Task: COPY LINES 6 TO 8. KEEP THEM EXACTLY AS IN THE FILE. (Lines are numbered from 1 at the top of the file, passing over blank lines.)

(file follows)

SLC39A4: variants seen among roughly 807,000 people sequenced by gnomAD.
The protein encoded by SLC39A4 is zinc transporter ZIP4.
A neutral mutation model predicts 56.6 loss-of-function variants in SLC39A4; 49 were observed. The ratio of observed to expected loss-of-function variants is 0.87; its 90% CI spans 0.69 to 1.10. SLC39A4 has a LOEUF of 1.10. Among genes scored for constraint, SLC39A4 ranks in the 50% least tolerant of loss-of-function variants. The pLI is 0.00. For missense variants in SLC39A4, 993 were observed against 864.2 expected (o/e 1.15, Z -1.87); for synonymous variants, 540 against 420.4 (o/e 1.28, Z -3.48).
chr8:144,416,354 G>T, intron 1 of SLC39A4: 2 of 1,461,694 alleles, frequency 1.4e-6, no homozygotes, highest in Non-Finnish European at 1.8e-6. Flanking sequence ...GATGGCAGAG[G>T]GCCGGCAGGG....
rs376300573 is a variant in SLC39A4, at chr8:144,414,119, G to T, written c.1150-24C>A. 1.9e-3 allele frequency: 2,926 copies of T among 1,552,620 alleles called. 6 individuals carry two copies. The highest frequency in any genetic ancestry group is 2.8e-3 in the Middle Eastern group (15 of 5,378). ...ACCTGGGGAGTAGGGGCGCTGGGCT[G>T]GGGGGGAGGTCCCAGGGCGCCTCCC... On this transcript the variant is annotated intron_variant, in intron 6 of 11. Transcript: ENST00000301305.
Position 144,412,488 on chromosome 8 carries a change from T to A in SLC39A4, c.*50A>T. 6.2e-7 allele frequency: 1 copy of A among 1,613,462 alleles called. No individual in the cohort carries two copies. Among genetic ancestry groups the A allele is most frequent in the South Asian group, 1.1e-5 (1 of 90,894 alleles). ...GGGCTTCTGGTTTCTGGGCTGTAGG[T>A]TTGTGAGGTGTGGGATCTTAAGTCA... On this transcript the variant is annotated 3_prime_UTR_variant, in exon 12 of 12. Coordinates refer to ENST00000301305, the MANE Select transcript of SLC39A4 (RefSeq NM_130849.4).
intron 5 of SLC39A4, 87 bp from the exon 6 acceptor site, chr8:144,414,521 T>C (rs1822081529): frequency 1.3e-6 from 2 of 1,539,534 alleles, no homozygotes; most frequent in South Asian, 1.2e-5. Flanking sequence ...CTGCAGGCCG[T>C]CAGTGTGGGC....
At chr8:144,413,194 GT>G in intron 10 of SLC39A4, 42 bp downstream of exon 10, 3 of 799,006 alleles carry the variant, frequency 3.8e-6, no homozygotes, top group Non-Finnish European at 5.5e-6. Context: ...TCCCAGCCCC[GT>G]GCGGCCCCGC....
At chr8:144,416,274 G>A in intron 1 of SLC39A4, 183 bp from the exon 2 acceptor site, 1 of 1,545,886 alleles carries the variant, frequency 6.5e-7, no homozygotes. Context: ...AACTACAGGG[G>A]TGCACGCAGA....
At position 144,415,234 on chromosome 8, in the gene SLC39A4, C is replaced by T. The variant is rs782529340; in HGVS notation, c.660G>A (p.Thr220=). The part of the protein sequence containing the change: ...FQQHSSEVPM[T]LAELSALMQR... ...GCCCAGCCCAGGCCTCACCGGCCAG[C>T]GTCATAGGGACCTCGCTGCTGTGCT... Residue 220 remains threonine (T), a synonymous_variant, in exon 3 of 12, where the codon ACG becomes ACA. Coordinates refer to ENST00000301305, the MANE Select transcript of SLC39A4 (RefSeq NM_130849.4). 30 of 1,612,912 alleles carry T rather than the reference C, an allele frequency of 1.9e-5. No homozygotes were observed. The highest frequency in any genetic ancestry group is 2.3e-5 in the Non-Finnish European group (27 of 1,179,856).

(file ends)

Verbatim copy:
Position 144,412,488 on chromosome 8 carries a change from T to A in SLC39A4, c.*50A>T. 6.2e-7 allele frequency: 1 copy of A among 1,613,462 alleles called. No individual in the cohort carries two copies. Among genetic ancestry groups the A allele is most frequent in the South Asian group, 1.1e-5 (1 of 90,894 alleles). ...GGGCTTCTGGTTTCTGGGCTGTAGG[T>A]TTGTGAGGTGTGGGATCTTAAGTCA... On this transcript the variant is annotated 3_prime_UTR_variant, in exon 12 of 12. Coordinates refer to ENST00000301305, the MANE Select transcript of SLC39A4 (RefSeq NM_130849.4).
intron 5 of SLC39A4, 87 bp from the exon 6 acceptor site, chr8:144,414,521 T>C (rs1822081529): frequency 1.3e-6 from 2 of 1,539,534 alleles, no homozygotes; most frequent in South Asian, 1.2e-5. Flanking sequence ...CTGCAGGCCG[T>C]CAGTGTGGGC....
At chr8:144,413,194 GT>G in intron 10 of SLC39A4, 42 bp downstream of exon 10, 3 of 799,006 alleles carry the variant, frequency 3.8e-6, no homozygotes, top group Non-Finnish European at 5.5e-6. Context: ...TCCCAGCCCC[GT>G]GCGGCCCCGC....